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PuzzleMaker attacks exploit Windows zero-day, Chrome vulnerabilities

Researchers say zero-day vulnerabilities fixed in Microsoft’s recent Patch Tuesday round have been used in targeted attacks against the enterprise. 

According to Kaspersky, a wave of “highly targeted attacks” on several organizations was traced that utilized a chain of zero-day exploits in the Google Chrome browser and Microsoft Windows systems over April 14 and 15, 2021. 

The attackers have been named PuzzleMaker. The first exploit in the chain, while not confirmed, appears to be CVE-2021-21224, a V8 type confusion vulnerability in the Google Chrome browser prior to 90.0.4430.85. 

Google issued a patch for the severe flaw on April 20, which if exploited, allowed remote attackers to execute arbitrary code inside a sandbox via a crafted HTML page.

Sandboxes, by design, are intended for developer environments, tests, and protection, and so segregate activities away from a main system. For an exploit chain to work, a sandbox escape would then be a necessary next step. 

According to the researchers, this escape was found in two Windows 10 vulnerabilities — both of which are zero-day bugs that were patched in Microsoft’s latest Patch Tuesday update

The first, CVE-2021-31955, is a Windows Kernel information disclosure vulnerability in the file ntoskrnl.exe, used to expose the addresses of the Eprocess structure kernel for executed processes. The second, CVE-2021-31956, is a heap buffer overflow vulnerability in the Windows NTFS driver that can be exploited for privilege escalation.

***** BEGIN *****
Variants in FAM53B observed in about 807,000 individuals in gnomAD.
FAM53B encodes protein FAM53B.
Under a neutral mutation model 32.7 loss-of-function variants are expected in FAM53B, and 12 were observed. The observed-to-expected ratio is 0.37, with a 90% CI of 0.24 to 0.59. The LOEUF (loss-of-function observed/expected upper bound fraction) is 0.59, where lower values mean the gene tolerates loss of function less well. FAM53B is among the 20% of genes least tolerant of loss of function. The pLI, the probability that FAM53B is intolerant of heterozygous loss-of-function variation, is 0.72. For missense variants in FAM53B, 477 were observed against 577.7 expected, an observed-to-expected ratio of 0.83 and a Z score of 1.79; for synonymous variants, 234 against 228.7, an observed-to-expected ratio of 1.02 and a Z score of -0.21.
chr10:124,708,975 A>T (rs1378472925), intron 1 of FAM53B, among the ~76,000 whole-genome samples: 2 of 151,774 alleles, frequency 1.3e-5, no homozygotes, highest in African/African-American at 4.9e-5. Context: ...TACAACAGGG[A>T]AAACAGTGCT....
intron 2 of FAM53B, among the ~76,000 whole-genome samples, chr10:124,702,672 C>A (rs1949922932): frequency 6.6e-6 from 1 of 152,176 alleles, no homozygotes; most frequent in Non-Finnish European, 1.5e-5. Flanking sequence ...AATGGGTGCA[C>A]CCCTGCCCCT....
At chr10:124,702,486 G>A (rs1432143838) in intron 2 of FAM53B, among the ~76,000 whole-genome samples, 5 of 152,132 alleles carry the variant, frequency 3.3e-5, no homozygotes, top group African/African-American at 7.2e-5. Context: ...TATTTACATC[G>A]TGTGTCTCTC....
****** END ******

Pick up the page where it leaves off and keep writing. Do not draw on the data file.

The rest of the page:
Kaspersky says that when chained together, the vulnerabilities allowed the attacker to escape the sandbox and execute malicious code on a target machine. 

Malware is then deployed which includes stager, dropper, service, and remote shell modules. The first module will first check that exploitation was a success, and if so, will grab the dropper module from a command-and-control (C2) server for execution. 

Two executables then land on the target machine which masquerades as legitimate Windows files. The first is registered as a service and is used to launch the second executable, which contains remote shell capabilities. 

This payload is able to download and exfiltrate files, as well as create system processes. The malware is also capable of putting itself to ‘sleep’ for a time or self-destruct. 

It is recommended that organizations maintain frequent patch schedules and apply relevant fixes — more so if bugs are being actively exploited. As we saw with the Microsoft Exchange Server incident in March, attackers will quickly jump on security issues as soon as they are publicly known.

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Source : ZDNet

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